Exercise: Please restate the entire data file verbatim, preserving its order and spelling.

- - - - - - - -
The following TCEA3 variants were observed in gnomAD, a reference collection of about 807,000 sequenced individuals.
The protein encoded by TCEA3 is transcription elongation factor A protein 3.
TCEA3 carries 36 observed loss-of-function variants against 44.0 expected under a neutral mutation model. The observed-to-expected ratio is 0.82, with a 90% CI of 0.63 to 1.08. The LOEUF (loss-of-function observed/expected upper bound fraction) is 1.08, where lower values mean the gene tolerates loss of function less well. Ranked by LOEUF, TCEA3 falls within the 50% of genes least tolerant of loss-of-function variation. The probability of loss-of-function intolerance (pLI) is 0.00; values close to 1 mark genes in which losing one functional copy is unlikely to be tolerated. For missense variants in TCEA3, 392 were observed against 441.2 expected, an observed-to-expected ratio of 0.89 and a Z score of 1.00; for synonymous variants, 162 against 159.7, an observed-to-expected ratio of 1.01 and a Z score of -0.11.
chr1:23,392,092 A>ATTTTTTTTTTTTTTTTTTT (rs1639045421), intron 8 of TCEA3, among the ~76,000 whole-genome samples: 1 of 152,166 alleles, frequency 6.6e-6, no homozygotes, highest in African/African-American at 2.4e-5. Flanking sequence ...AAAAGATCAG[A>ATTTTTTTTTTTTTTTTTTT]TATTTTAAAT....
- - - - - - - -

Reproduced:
The following TCEA3 variants were observed in gnomAD, a reference collection of about 807,000 sequenced individuals.
The protein encoded by TCEA3 is transcription elongation factor A protein 3.
TCEA3 carries 36 observed loss-of-function variants against 44.0 expected under a neutral mutation model. The observed-to-expected ratio is 0.82, with a 90% CI of 0.63 to 1.08. The LOEUF (loss-of-function observed/expected upper bound fraction) is 1.08, where lower values mean the gene tolerates loss of function less well. Ranked by LOEUF, TCEA3 falls within the 50% of genes least tolerant of loss-of-function variation. The probability of loss-of-function intolerance (pLI) is 0.00; values close to 1 mark genes in which losing one functional copy is unlikely to be tolerated. For missense variants in TCEA3, 392 were observed against 441.2 expected, an observed-to-expected ratio of 0.89 and a Z score of 1.00; for synonymous variants, 162 against 159.7, an observed-to-expected ratio of 1.01 and a Z score of -0.11.
chr1:23,392,092 A>ATTTTTTTTTTTTTTTTTTT (rs1639045421), intron 8 of TCEA3, among the ~76,000 whole-genome samples: 1 of 152,166 alleles, frequency 6.6e-6, no homozygotes, highest in African/African-American at 2.4e-5. Flanking sequence ...AAAAGATCAG[A>ATTTTTTTTTTTTTTTTTTT]TATTTTAAAT....